Software Review: Micrografx Picture Publisher 8

By J.A. Hitchcock

If you are familiar with image editing software, than you'll have no problem using Micrografx's latest version of Picture Publisher. However, if you're a beginner, you will need to take advantage of the online tutorials and extensive HELP files included in Picture Publisher 8 (PP8), but it should be fairly easy to use once you're more familiar with it.

Opening up a photo or graphic expands the top toolbar and menu items
Personally, I've tried Adobe Photoshop, Paintshop Pro and some other photo/image editing programs, but have found Picture Publisher the best for me - thus far. I previously had Version 5, so jumping to PP8 was a good choice - not only because it's the newer version, but also because of its added capabilities - some of which are very unique.

Installing PP8 was easy (it seems that as time goes by, it gets easier and easier to install any type of Windows-based software) and fairly quick. When I started PP8, I could see differences between Version 5 and 8 right away.

The first time the main window appears, a separate window pops up to ask what you want to do. I disabled this option - I hate being asked questions each time I go into a program. A toolbar not only appears at the top and left of the main window as in Version 5, but a new toolbar sits on the right side of the window. And, of course, the toolbar icons were not all the same as Version 5, so I had to go through each one to discover what it did. The toolbars can be customized to suit your needs - I left mine as is, only because it currently fits my needs.

The function commands at the top of the program window contain five pull-down menus when the program starts: File; Edit; View; Tools; and Help. Once a photo or graphic has been opened, the main toolbar expands to include Mask, Map, Object, Image, Effects and Window pull-down menus.

The hardest thing to get used to was the location of the image editing menu window - it used to be listed under the Edit pull-down menu in Version 5. After much hunting and frustration, I finally found it under the Effects pull-down menu - it's now called the Effects Browser.

The effects browser allows you to give your photo or graphic extra "oomph"

PP8 has the usual crop, mask, magnify, text, and other tools found in many image editing programs. However, PP8 gets high marks for its expanded Effects Browser, which lets you not only manipulate a photo or graphic, but also do some pretty interesting things to it (see images).

PP8 is also great for creating logos, simple graphics, then spiffing them up with one or more effects. There are far more options available with PP8 versus its earlier versions, and it is much improved, although it did take some getting used to.

Other goodies include "Wizards," which allow you to create unusual objects using templates, such as making a puzzle out of your photo or graphic; getting rid of the dreaded "red eye" in photos; making buttons for web pages; it has over 10,000 royalty-free stock photos; plus web page output. PP8 is very efficient at what it sets out to do, but the learning curve is a bit high if you haven't owned a previous version.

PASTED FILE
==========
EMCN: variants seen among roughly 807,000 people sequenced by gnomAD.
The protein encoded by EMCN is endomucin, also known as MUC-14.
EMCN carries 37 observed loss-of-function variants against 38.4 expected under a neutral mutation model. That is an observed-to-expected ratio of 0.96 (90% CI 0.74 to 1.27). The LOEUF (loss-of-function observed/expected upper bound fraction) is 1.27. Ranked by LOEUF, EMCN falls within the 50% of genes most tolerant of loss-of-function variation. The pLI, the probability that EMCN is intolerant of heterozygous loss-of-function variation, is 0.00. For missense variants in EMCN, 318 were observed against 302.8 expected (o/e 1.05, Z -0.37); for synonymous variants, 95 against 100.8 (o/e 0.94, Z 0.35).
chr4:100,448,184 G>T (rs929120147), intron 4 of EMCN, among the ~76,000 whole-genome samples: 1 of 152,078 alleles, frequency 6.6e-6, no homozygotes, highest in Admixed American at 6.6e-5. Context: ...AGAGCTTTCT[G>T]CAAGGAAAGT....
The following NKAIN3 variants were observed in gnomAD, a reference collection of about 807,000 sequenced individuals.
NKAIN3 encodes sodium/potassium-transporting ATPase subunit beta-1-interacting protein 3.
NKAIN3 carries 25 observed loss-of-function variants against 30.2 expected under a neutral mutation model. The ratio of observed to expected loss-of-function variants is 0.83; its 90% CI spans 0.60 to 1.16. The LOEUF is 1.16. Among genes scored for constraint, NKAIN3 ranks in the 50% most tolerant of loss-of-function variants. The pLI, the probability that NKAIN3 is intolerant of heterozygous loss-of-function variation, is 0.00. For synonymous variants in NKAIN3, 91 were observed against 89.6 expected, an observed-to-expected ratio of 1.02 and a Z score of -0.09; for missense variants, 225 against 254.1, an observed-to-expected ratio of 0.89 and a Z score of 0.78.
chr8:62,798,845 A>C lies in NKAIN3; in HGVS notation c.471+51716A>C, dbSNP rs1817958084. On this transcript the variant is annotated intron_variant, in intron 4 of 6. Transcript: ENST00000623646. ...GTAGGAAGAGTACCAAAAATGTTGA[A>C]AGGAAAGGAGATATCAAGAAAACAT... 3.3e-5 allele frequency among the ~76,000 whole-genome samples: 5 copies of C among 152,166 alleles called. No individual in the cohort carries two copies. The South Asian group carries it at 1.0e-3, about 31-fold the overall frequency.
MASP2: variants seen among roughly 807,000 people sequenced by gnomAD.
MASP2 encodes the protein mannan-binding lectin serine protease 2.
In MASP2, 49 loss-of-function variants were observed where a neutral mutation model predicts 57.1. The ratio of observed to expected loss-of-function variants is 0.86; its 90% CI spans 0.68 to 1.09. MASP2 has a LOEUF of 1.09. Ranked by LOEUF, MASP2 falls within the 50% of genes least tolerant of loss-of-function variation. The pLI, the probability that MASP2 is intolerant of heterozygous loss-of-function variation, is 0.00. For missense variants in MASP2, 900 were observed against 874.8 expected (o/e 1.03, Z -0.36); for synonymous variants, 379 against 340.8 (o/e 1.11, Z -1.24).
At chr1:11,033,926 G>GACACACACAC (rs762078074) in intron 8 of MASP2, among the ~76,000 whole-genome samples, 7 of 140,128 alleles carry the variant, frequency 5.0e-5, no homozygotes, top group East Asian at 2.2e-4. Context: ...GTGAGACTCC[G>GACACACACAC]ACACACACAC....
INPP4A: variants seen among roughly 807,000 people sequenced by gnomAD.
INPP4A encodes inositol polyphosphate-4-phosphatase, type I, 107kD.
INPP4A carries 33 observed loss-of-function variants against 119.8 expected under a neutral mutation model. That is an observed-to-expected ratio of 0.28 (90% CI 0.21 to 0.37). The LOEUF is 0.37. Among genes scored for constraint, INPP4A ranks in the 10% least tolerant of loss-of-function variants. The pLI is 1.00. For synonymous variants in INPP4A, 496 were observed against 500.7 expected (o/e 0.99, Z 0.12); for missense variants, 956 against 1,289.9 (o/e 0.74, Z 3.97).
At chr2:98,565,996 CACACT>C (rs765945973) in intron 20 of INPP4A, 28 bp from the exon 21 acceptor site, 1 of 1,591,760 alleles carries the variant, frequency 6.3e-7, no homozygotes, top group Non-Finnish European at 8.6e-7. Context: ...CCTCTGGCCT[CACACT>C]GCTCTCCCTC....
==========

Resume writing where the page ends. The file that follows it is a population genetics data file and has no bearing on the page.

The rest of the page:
While checking out the various effects, I found there were many more than what was in the Effects Browser I was used to. I found over 140 visual effects, filters and macros, which made my daffodils look totally different - some very cool, some odd and some downright scary. Other web page-related functions include a gif animator (with easy-to-understand instructions), web pattern viewer, copy to HTML, image maps and direct links to Micrografx's web pages for updates, support and add-ons.

The top left photo is the original, scanned in at 75 dpi; the middle top photo uses PP8's "sphere" effect, available in the Effects Browser; the top right photo uses the "oil painting" effect; bottom left uses the "mosaic tile" effect; bottom middle uses the "sharpen" effect; and bottom right uses the "3D Puzzle Pieces" effect

Although PP8 won't replace my web design or desktop publishing programs, it is a wonderful addition to them. For people who take a lot of photos and need a program to "fix" a few things in it, PP8 is perfect for their needs. . .and more. I have a feeling that anyone who uses this may be too busy playing with the effects and other options and will soon forget what they set out to do - which happens to me quite a bit. But I always end up with something that looks a lot better than when I photographed it. And I'm a pretty darned good photographer.

For the price, PP8 is certainly the best buy around at just under $150. You'd pay much more than that for a similar program. But be ready to read, learn and get to know all the functions of the program before jumping in.

Minimum System Requirements
Windows 95 or NT 4.0
486 or faster (Pentium recommended)
8 MB RAM for Windows 95 (16MB recommended)
16 MB RAM for Windows NT (24MB recommended)
30MB hard disk space (50+ recommended)
SVGA video card with at least 16-bit for best results
CD-ROM drive
Mouse, Intellimouse, tablet or compatible pointing device
Retail: $149.95, 3 CD-ROMs, manual included, available at most retail stores or from Micrografx at 1-800-671-0144
30 days free support via phone or anytime online at Micrografx Web Site

J.A. Hitchcock is a regular contributor to Compute Me. Visit her web site at

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